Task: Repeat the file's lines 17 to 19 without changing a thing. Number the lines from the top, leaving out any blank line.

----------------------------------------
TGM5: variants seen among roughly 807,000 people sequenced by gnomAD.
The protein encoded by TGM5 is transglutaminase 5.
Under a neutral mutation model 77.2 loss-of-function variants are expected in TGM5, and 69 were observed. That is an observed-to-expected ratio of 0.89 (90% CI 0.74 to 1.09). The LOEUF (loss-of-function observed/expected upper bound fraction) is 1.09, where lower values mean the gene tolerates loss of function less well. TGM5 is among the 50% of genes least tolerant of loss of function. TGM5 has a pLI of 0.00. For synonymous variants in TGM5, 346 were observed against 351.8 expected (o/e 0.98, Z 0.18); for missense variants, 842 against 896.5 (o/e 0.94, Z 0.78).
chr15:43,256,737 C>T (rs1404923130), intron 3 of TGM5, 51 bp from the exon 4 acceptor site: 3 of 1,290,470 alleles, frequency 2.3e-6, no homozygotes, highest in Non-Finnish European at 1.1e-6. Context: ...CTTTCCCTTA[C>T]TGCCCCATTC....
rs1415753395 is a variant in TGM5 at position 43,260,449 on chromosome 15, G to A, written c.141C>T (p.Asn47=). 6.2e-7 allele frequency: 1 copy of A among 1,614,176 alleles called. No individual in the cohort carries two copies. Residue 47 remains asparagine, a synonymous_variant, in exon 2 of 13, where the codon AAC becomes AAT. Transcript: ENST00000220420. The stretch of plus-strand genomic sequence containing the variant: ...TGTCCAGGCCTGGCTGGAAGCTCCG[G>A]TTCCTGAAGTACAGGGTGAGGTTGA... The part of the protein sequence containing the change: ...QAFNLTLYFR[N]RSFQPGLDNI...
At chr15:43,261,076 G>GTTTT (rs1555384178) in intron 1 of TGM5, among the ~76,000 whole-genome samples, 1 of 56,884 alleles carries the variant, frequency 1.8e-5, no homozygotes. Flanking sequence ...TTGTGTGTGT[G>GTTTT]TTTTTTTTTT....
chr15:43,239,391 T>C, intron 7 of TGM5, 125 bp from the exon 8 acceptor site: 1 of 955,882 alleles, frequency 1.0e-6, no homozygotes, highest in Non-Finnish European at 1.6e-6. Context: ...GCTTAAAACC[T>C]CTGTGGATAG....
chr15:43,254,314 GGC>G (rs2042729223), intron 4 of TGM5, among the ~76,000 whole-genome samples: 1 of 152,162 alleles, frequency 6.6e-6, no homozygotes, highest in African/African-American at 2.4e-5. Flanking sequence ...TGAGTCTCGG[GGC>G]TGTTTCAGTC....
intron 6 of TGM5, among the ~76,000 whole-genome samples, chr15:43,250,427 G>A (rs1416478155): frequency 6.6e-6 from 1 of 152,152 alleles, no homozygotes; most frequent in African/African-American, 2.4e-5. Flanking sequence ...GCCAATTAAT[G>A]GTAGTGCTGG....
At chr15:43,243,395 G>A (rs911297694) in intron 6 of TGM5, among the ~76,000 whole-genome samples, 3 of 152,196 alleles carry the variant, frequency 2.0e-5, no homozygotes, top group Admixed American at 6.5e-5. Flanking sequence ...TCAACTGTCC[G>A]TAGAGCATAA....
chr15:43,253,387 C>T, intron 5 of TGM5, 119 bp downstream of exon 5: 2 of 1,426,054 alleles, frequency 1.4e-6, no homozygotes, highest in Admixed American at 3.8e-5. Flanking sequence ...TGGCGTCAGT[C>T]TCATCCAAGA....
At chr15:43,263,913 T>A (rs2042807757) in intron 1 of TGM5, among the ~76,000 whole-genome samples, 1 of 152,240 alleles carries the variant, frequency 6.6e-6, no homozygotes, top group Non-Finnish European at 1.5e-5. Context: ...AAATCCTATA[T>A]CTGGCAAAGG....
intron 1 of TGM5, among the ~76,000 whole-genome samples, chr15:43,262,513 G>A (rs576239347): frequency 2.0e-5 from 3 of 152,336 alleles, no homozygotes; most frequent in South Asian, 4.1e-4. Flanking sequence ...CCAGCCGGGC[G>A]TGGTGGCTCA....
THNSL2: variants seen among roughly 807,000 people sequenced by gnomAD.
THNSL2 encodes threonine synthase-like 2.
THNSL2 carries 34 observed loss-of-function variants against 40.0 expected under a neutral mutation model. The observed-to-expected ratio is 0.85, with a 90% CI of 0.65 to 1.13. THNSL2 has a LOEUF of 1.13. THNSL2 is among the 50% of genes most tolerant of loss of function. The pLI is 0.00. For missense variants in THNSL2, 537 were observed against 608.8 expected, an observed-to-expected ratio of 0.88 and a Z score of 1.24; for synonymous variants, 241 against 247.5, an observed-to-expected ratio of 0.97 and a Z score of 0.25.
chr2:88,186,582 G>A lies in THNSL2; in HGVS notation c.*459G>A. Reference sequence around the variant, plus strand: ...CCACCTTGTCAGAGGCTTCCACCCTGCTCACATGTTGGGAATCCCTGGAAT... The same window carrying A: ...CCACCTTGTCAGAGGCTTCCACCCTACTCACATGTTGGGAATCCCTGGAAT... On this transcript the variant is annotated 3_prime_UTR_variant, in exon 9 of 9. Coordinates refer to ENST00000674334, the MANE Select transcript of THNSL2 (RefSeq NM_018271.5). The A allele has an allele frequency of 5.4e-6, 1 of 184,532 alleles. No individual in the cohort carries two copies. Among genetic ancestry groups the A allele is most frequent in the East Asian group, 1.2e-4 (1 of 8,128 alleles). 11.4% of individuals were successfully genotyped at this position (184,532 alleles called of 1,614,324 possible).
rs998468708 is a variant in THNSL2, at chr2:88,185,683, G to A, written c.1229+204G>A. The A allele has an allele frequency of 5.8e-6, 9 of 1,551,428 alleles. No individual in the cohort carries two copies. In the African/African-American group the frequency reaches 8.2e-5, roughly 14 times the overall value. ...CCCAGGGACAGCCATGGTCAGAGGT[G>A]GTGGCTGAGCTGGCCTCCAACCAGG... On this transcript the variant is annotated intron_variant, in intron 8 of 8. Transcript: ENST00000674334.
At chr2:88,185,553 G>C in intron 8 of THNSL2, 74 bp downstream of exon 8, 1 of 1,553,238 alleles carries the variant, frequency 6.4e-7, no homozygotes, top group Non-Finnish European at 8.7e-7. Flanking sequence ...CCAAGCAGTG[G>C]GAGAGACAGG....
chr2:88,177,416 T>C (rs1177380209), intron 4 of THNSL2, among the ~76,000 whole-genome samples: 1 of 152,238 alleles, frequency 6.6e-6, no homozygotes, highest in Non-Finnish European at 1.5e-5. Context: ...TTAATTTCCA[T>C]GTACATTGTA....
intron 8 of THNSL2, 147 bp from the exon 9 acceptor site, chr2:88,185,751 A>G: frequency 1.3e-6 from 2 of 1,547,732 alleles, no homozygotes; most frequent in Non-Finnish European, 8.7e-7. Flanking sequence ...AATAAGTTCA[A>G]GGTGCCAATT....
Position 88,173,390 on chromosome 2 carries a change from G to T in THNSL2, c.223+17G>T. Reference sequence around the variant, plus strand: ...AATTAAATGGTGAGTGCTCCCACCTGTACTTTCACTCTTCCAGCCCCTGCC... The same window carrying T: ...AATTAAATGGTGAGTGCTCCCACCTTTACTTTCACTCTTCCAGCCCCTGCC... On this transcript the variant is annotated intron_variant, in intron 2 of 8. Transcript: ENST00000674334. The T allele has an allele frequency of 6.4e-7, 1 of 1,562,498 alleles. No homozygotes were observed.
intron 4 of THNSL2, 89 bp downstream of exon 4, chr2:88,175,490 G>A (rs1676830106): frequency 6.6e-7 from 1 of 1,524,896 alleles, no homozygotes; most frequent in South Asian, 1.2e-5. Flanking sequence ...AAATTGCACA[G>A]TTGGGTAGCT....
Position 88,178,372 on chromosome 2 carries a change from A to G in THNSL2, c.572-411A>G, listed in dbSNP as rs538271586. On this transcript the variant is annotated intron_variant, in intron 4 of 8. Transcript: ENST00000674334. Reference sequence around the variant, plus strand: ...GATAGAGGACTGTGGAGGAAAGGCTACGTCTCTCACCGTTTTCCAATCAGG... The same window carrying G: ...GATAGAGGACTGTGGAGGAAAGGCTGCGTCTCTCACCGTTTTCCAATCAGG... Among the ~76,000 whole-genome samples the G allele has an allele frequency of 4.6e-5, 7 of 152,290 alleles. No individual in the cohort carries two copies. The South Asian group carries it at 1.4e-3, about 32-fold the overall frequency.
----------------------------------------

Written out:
chr2:88,186,582 G>A lies in THNSL2; in HGVS notation c.*459G>A. Reference sequence around the variant, plus strand: ...CCACCTTGTCAGAGGCTTCCACCCTGCTCACATGTTGGGAATCCCTGGAAT... The same window carrying A: ...CCACCTTGTCAGAGGCTTCCACCCTACTCACATGTTGGGAATCCCTGGAAT... On this transcript the variant is annotated 3_prime_UTR_variant, in exon 9 of 9. Coordinates refer to ENST00000674334, the MANE Select transcript of THNSL2 (RefSeq NM_018271.5). The A allele has an allele frequency of 5.4e-6, 1 of 184,532 alleles. No individual in the cohort carries two copies. Among genetic ancestry groups the A allele is most frequent in the East Asian group, 1.2e-4 (1 of 8,128 alleles). 11.4% of individuals were successfully genotyped at this position (184,532 alleles called of 1,614,324 possible).
rs998468708 is a variant in THNSL2, at chr2:88,185,683, G to A, written c.1229+204G>A. The A allele has an allele frequency of 5.8e-6, 9 of 1,551,428 alleles. No individual in the cohort carries two copies. In the African/African-American group the frequency reaches 8.2e-5, roughly 14 times the overall value. ...CCCAGGGACAGCCATGGTCAGAGGT[G>A]GTGGCTGAGCTGGCCTCCAACCAGG... On this transcript the variant is annotated intron_variant, in intron 8 of 8. Transcript: ENST00000674334.
At chr2:88,185,553 G>C in intron 8 of THNSL2, 74 bp downstream of exon 8, 1 of 1,553,238 alleles carries the variant, frequency 6.4e-7, no homozygotes, top group Non-Finnish European at 8.7e-7. Flanking sequence ...CCAAGCAGTG[G>C]GAGAGACAGG....